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Brain aneurysms develop silently. Some people may have inherited a tendency for weak blood vessels, which may lead to the development of aneurysms. Aneurysms in children are rare, and most aneurysms probably develop as a result of wear and tear on the arteries throughout a person’s lifetime. Occasionally, severe head trauma or infection may lead to the development of an aneurysm.



There are a number of risk factors that contribute to the formation of aneurysms, listed below. Two of the most significant are, fortunately, ones that can be controlled: cigarette smoking and hypertension.​​​

  • Smoking

  • High blood pressure 

  • Strong family history of brain aneurysms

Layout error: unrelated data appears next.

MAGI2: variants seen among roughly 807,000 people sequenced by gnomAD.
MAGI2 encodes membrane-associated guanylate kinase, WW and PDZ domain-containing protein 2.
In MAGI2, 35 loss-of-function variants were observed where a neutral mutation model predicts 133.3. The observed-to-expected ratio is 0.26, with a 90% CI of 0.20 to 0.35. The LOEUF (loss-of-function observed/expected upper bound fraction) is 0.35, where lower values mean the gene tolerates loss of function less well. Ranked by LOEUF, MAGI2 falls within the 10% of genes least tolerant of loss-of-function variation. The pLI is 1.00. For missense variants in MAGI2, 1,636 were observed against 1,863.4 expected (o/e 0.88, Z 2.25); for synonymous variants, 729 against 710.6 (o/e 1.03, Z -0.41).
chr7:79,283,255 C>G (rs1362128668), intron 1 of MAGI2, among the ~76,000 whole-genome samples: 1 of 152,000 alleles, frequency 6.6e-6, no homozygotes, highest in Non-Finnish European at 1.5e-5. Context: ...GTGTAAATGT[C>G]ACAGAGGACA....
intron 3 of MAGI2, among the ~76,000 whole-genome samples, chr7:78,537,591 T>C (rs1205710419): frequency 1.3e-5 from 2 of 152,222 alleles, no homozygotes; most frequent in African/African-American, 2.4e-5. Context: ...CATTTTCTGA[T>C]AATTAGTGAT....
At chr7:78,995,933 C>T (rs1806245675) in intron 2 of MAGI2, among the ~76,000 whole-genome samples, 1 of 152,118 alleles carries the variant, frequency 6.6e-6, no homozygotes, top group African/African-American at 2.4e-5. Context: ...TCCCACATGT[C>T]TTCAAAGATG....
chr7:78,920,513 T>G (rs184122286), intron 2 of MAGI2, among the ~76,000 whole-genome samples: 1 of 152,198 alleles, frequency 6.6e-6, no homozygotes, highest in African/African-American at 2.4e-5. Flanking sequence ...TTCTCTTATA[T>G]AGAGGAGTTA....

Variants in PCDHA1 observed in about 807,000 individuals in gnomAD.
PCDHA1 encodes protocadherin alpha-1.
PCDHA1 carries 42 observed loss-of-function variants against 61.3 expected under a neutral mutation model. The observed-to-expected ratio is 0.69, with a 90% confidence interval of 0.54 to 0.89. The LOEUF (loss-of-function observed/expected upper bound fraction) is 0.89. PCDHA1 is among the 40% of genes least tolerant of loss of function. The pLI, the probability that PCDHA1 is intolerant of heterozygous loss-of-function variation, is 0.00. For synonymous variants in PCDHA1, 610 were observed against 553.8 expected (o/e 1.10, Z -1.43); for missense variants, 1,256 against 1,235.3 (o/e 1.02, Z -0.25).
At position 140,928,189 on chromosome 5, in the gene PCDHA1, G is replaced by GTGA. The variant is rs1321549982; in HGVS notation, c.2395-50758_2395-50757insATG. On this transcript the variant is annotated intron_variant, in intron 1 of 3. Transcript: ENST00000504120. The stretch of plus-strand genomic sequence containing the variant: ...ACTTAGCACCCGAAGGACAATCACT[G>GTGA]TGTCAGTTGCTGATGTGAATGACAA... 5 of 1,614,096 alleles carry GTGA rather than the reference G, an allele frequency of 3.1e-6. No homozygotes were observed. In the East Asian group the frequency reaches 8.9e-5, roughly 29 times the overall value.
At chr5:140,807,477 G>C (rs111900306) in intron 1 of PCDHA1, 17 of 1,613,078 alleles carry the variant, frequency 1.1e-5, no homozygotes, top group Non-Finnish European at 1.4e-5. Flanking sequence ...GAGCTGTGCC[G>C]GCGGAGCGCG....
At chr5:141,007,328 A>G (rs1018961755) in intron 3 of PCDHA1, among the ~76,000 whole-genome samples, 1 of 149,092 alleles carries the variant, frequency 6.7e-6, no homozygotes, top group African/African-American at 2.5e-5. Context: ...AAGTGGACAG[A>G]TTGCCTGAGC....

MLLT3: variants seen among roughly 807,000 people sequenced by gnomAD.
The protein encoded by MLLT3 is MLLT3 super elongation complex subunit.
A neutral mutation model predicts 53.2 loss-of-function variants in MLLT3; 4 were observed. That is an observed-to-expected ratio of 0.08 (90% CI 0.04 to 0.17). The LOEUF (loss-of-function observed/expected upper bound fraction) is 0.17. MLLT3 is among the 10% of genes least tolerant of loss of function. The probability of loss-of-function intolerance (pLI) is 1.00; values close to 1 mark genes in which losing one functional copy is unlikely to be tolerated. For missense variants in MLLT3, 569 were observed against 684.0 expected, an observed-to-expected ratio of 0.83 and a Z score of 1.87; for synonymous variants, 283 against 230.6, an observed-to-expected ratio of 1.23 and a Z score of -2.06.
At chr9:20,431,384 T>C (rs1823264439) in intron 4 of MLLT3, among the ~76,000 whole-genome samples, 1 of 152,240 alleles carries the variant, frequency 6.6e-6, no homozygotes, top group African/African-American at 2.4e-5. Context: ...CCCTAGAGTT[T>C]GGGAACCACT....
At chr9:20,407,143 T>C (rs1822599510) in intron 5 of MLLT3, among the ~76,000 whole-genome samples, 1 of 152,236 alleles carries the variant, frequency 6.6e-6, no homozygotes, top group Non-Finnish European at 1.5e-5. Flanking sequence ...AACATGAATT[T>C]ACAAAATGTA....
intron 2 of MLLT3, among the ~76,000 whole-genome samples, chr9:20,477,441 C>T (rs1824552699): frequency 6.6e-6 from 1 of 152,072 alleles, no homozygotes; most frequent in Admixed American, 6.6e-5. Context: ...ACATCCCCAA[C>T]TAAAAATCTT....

• Age (over 40)

  • Gender: women have an increased risk of aneurysms

  • Race: people of color have an increased risk of ruptured aneurysms

  • Other disorders: Ehlers-Danlos syndrome, autosomal dominant polycystic kidney disease, Marfan syndrome, and fibromuscular dysplasia

  • Presence of an arteriovenous malformation. 

  • Congenital abnormality in the artery wall.

  • Drug use, particularly cocaine

  • Excessive alcohol use

  • Infection

  • Severe head trauma

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